Before concentrating just on the stunning Apollo 11 mission it is worth thinking about how and why America decided to go to the moon in the first place.
President J F Kennedy gave a bold speech in May 1961 where he said:
This was astounding for at that point in time America had only managed to launch one man, Alan Shepard, in a 15 minute sub-orbital flight. The Russian's were forging ahead with space technology - Yuri Gagarin had already made the first space flight to orbit the earth and Gherman Titov was preparing to spend over 24 hours in space. Kennedy knew that to regain the US's position as a leader he had to aim... well he had to aim for the moon!
I believe that this nation should commit itself to achieving the goal, before this decade is out, of landing a man on the moon and returning him safely to the earth.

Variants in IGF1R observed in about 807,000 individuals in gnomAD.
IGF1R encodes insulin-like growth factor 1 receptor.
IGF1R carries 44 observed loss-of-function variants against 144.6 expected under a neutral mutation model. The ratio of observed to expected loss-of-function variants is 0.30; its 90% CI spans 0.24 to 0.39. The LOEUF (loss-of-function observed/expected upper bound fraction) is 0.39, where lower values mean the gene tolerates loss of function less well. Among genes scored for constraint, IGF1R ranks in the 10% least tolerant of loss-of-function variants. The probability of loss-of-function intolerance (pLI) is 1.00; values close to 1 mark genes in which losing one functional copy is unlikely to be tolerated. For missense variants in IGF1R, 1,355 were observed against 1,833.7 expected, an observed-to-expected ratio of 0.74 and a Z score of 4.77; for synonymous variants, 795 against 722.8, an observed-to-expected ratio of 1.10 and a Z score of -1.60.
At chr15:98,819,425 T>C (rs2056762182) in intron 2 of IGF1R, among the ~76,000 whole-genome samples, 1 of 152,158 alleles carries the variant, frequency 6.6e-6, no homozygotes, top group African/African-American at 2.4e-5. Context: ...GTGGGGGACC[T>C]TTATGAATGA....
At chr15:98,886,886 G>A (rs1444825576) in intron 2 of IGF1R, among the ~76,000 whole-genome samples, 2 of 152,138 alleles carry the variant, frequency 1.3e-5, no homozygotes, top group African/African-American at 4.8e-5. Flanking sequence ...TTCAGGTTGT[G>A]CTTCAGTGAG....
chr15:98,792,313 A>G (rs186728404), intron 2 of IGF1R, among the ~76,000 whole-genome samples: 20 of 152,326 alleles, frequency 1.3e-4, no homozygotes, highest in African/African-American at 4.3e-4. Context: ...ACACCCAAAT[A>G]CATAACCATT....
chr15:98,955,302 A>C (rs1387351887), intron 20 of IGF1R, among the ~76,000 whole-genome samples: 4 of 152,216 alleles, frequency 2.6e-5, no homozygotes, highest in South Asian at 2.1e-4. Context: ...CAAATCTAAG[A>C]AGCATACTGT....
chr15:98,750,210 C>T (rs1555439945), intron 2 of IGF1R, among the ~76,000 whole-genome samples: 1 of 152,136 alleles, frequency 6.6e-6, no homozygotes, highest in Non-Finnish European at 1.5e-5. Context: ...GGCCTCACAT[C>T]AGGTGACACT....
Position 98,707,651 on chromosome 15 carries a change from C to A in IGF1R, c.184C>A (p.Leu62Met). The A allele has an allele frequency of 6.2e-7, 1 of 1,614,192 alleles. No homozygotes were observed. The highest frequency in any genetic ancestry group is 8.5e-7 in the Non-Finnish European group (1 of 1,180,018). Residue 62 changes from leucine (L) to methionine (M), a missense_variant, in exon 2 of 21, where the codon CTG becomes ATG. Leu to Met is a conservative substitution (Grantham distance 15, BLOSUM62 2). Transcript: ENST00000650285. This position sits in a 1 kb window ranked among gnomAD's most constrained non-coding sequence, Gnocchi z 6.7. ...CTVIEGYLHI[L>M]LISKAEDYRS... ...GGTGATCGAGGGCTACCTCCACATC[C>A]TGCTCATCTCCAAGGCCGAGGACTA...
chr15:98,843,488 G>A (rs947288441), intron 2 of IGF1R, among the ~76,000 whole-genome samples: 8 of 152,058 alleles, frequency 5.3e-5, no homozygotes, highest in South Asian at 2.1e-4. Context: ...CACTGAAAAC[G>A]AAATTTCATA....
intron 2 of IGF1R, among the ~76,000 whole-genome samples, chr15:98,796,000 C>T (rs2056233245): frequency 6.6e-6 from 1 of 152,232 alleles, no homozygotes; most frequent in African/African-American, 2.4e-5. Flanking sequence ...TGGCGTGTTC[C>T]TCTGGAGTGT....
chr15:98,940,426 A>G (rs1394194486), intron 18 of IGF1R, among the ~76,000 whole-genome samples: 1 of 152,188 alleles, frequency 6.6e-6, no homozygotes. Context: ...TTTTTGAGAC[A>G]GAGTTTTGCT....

Chaikin's Book A Man on the Moon: Voyages of the Apollo Astronauts is an over view of America's race for the moon. It is a readable book that is not too technical, more of a social history book than a science book. The main highs and lows of American space history from 1961 to 1972 are covered with much focus on how everything came together for the success of Apollo 11 and the successful failure of Apollo 13.
This book has just been reissued to commemorate the 40th anniversary of the moon landings and I feel is the best book around for explaining the whole programme to someone who is interested in finding out a bit more about the space race without it becoming too technical.